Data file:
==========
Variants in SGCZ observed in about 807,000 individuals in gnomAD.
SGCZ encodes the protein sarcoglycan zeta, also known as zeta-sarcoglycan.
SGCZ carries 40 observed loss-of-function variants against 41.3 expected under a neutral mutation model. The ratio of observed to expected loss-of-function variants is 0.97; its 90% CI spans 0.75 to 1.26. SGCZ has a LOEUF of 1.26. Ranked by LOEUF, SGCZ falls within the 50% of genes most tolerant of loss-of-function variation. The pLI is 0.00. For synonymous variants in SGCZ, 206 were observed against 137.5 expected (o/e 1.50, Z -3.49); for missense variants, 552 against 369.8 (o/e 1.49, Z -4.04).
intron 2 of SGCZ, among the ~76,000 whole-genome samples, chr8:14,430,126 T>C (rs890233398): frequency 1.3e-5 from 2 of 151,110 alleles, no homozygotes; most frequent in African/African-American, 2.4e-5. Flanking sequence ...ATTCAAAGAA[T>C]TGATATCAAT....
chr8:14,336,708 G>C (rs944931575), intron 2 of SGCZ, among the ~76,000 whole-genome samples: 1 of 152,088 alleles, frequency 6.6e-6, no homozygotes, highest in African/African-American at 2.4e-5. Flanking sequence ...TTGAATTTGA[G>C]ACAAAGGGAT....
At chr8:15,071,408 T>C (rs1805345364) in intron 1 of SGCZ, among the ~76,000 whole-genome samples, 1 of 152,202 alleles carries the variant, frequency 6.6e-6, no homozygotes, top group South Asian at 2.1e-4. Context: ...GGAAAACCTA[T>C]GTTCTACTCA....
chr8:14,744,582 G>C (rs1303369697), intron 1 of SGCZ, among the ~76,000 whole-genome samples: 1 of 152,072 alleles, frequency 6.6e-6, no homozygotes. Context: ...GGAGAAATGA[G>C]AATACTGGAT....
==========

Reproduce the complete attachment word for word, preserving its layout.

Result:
Variants in SGCZ observed in about 807,000 individuals in gnomAD.
SGCZ encodes the protein sarcoglycan zeta, also known as zeta-sarcoglycan.
SGCZ carries 40 observed loss-of-function variants against 41.3 expected under a neutral mutation model. The ratio of observed to expected loss-of-function variants is 0.97; its 90% CI spans 0.75 to 1.26. SGCZ has a LOEUF of 1.26. Ranked by LOEUF, SGCZ falls within the 50% of genes most tolerant of loss-of-function variation. The pLI is 0.00. For synonymous variants in SGCZ, 206 were observed against 137.5 expected (o/e 1.50, Z -3.49); for missense variants, 552 against 369.8 (o/e 1.49, Z -4.04).
intron 2 of SGCZ, among the ~76,000 whole-genome samples, chr8:14,430,126 T>C (rs890233398): frequency 1.3e-5 from 2 of 151,110 alleles, no homozygotes; most frequent in African/African-American, 2.4e-5. Flanking sequence ...ATTCAAAGAA[T>C]TGATATCAAT....
chr8:14,336,708 G>C (rs944931575), intron 2 of SGCZ, among the ~76,000 whole-genome samples: 1 of 152,088 alleles, frequency 6.6e-6, no homozygotes, highest in African/African-American at 2.4e-5. Flanking sequence ...TTGAATTTGA[G>C]ACAAAGGGAT....
At chr8:15,071,408 T>C (rs1805345364) in intron 1 of SGCZ, among the ~76,000 whole-genome samples, 1 of 152,202 alleles carries the variant, frequency 6.6e-6, no homozygotes, top group South Asian at 2.1e-4. Context: ...GGAAAACCTA[T>C]GTTCTACTCA....
chr8:14,744,582 G>C (rs1303369697), intron 1 of SGCZ, among the ~76,000 whole-genome samples: 1 of 152,072 alleles, frequency 6.6e-6, no homozygotes. Context: ...GGAGAAATGA[G>C]AATACTGGAT....